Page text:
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RANZCP submission on the Welfare Reform Bill 2017

10 August 2017

The drug testing pilot program for new welfare recipients proposed by the federal government is deeply concerning, the Royal Australian and New Zealand College of Psychiatrist (RANZCP) says in its  submission to the Senate Standing Committee on Community Affairs’ Inquiry into Social Services Legislation Amendment (Welfare Reform) Bill 2017.

The proposed reform to the Bill would see the establishment of an illicit substance testing program for new welfare recipients from 1 January 2018.

The 2017 trial would see recipients of the Newstart and Youth Allowance benefits, in three locations around Australia, randomly tested.

Under the trial those who return a positive drug test will have their welfare payments quarantined, which will limit how they spend their payments. They will also be subjected to further random drug testing during the trial period. If they fail subsequent tests, they will be referred to a Department of Human Services-contracted medical professional for assessment.

While the RANZCP strongly supports people receiving the treatment they need to address and support their addiction issues, we have several concerns regarding the proposed reforms.

The key points of the RANZCP’s submission are: 

  • The RANZCP opposes the trial.
  • This is more than just a substance misuse issue; people referred for possible treatment are likely to be individuals with complex, multi-faceted concerns such as physical and psychological health issues, housing issues and, for some, intergenerational unemployment and deprivation.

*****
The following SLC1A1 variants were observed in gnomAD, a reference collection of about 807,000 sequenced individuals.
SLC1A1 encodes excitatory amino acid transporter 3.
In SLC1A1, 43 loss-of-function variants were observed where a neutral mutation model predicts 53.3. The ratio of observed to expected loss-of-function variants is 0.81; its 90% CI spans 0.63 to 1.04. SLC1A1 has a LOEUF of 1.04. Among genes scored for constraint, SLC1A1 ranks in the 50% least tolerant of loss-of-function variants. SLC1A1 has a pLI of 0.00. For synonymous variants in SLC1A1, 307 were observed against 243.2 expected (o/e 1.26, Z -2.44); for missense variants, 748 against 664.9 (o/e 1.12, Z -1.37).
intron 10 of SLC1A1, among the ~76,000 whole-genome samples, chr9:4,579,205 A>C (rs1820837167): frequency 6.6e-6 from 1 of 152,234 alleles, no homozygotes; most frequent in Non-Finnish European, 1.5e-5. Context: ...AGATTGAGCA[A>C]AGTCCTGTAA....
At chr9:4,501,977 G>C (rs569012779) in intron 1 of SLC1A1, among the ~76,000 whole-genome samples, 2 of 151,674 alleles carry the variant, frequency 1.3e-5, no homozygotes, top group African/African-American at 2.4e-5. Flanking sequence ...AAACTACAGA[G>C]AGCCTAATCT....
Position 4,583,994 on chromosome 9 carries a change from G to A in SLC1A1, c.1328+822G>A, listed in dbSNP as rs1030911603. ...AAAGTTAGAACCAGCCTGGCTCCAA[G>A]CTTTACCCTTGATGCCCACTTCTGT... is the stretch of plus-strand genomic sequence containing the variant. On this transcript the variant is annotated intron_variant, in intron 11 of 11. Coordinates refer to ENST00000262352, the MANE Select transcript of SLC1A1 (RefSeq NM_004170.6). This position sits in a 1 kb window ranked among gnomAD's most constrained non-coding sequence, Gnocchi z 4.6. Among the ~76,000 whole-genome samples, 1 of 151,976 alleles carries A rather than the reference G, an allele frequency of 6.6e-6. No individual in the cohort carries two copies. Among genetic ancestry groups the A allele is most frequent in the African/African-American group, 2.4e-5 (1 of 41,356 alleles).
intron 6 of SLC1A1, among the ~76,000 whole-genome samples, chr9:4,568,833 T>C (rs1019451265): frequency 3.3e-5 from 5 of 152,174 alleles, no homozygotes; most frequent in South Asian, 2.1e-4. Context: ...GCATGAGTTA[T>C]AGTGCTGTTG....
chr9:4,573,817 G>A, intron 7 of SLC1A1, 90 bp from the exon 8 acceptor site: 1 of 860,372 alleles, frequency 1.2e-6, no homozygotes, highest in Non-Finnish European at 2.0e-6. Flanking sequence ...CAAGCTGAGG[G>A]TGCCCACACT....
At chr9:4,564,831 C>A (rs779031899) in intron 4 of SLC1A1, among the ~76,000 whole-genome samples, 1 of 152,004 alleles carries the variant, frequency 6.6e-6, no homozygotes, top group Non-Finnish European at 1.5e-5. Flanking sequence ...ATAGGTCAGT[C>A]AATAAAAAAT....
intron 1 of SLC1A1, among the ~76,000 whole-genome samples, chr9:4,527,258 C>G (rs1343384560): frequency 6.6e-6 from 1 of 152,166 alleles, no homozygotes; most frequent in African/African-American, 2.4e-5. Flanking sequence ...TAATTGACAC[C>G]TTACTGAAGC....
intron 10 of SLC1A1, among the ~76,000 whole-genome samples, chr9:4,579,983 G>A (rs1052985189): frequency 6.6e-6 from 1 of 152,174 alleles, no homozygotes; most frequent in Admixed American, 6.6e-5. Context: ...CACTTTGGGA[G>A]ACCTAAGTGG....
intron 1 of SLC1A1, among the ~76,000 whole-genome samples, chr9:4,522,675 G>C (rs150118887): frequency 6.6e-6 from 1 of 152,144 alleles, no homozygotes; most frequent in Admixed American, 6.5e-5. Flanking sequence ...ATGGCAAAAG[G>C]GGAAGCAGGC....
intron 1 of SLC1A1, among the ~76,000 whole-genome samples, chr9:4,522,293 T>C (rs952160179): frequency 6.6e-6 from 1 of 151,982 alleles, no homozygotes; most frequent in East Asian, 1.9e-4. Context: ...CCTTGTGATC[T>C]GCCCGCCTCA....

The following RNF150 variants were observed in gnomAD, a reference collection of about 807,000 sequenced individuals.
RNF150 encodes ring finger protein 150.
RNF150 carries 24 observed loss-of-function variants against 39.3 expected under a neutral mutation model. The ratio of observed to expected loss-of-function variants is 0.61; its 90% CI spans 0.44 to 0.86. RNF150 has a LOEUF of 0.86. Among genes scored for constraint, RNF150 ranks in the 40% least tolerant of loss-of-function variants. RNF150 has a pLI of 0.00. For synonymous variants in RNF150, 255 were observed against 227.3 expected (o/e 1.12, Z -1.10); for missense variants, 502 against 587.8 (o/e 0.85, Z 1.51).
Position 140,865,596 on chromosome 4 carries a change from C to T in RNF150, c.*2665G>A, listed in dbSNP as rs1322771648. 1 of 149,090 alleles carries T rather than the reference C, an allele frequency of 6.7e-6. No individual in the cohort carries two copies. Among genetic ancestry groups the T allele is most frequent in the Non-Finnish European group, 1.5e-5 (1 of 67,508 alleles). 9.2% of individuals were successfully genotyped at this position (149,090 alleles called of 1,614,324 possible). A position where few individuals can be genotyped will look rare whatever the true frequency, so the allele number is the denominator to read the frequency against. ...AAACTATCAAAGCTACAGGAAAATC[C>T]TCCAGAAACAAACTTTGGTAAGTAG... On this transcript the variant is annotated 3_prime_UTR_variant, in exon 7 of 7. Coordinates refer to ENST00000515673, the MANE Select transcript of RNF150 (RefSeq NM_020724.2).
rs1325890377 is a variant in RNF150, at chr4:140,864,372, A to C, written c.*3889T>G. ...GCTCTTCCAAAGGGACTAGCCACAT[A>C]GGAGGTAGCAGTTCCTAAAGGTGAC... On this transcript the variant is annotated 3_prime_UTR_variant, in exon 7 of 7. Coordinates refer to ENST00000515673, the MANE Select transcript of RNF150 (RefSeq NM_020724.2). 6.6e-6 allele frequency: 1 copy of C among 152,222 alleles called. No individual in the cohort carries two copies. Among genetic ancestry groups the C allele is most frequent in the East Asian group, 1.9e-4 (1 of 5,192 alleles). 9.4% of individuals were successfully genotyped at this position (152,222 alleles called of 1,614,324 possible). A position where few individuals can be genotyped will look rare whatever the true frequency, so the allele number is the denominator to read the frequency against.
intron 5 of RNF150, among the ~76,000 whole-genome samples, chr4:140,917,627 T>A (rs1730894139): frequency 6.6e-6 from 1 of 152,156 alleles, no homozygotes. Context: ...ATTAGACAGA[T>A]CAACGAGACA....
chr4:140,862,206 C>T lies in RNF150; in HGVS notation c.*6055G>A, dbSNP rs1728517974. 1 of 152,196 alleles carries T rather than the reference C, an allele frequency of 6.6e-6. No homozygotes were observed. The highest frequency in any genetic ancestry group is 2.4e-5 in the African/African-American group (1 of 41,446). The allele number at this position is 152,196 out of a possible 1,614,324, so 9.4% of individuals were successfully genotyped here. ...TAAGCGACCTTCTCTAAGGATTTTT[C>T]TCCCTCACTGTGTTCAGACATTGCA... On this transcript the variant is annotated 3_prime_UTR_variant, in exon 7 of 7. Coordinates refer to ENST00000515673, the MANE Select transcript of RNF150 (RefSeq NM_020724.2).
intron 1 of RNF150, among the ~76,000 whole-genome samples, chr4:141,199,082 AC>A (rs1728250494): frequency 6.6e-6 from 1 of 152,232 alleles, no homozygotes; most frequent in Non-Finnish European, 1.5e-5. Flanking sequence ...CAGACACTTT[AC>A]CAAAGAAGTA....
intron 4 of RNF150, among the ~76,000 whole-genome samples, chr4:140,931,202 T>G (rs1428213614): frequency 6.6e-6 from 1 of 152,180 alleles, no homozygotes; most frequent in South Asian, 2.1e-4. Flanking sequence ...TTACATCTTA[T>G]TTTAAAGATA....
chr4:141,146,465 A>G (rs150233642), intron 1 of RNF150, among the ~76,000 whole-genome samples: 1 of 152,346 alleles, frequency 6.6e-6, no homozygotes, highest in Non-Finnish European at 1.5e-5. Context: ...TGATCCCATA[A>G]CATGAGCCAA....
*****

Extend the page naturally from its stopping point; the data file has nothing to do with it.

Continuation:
• If the program goes ahead, the RANZCP would strongly recommend that the medical practitioners conducting the drug tests be addiction specialists, as they will have the skills and experience to interpret the test, conduct a holistic assessment of the person, and advise them on the appropriate next steps.
  • More than 50 years of psychological research shows that positive reinforcement strategies are more effective than punitive strategies in terms of bringing about behavioural change.
  • The government’s own advisory body – the Australian National Council on Drugs - also advises against drug testing welfare recipients. 
  • The RANZCP is also concerned about the confidentiality of the information about an individual’s participation in the trial and whether it will be shared with other government departments.
  • The RANZCP notes that treatment resources are already extremely stretched with long waiting lists for people who are voluntarily seeking support from addiction services let alone those who are required to attend services as a result of random drug testing. 
  • There are many regions of Australia that are out of reach of any addiction specialists.

Read the RANZCP’s full submission into the Inquiry into Social Services Legislation Amendment (Welfare Reform) Bill 2017.